How Would a Republican Congress Handle Immigration?
According to supporters of progressive immigration reform, not very well. A Republican-run House would put Rep. Lamar Smith (R-Texas) in charge of the Judiciary Committee and Rep. Steve King (R-Iowa) atop its immigration subcommittee — meaning the two border security hawks would have a major say in all immigration-related legislation running through the House, Politico reports today.
Rep. Luis Gutierrez (D-Ill.), who supports comprehensive immigration reform, evoked their names last week as “a guarantee of more gridlock and chaos.” “On immigration, the question is not whether you are a Pelosi-Obama Democrat, but whether you are a Lamar Smith-John Boehner-Steve King Republican,” he wrote in an op-ed. What, then, is a Lamar-Smith-John Boehner-Steve King Republican, and why should immigration reform supporters be afraid of it?
Both congressmen have been longtime proponents of harsher anti-illegal immigration laws. Smith helped lead the charge pass the Illegal Immigration Reform and Immigrant Responsibility Act of 1996, which designated a large number of offenses as cause for deportation and created the 287 (g) program that deputizes local police to enforce immigration laws. He has also pushed for nationwide expansion of E-Verify, an employment verification system that critics say is too fraught with errors to be fully implemented.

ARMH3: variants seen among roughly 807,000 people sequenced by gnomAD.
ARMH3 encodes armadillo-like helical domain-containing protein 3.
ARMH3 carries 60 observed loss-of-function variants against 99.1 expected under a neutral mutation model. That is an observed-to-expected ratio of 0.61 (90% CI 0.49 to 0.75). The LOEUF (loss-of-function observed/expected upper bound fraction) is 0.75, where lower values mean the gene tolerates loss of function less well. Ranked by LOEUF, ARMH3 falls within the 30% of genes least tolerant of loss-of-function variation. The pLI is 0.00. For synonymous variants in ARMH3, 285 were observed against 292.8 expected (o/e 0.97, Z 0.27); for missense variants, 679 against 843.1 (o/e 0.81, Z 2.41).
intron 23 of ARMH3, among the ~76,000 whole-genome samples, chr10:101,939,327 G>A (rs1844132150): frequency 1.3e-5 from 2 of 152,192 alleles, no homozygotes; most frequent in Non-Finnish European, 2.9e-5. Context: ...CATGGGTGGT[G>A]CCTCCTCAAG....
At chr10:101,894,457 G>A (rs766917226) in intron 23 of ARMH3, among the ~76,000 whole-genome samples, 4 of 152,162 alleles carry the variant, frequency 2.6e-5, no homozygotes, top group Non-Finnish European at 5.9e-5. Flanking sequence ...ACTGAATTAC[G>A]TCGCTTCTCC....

King told Politico he has a number of other immigration-related plans if he helms he immigration subcommittee:
In an interview with POLITICO, King promised to interrogate Homeland Security Secretary Janet Napolitano, Attorney General Eric Holder, Immigration and Customs Enforcement Director John Morton and Border Patrol Chief Michael Fisher about enforcement of immigration laws.
“We need to hear a considerable amount from [them] and start gathering the details on what is taking place on the border,” he said. “They’re not simply doing their job. They take an oath of office to see the laws are enforced. They’re not enforcing the laws.”
King rattled off a list of legislation he’d like to push to the floor: a birthright citizenship bill, legislation to reaffirm states’ right to enact Arizona-like immigration laws, a bill to take away deductions from employers who pay illegal immigrants and legislation to crack down on cities that don’t go after illegal residents.
The always-quotable King has a number of ideas for immigration that he did not mention. In 2006, he told Congress he wanted to build an electric fence along the U.S.-Mexico border to prevent illegal immigration. “We do that with livestock all the time,” he said. This summer, King said he would support “amnesty,” or a path to legal status for illegal immigrants already in the country, under one condition: “Every time we give amnesty for an illegal alien, we deport a liberal.”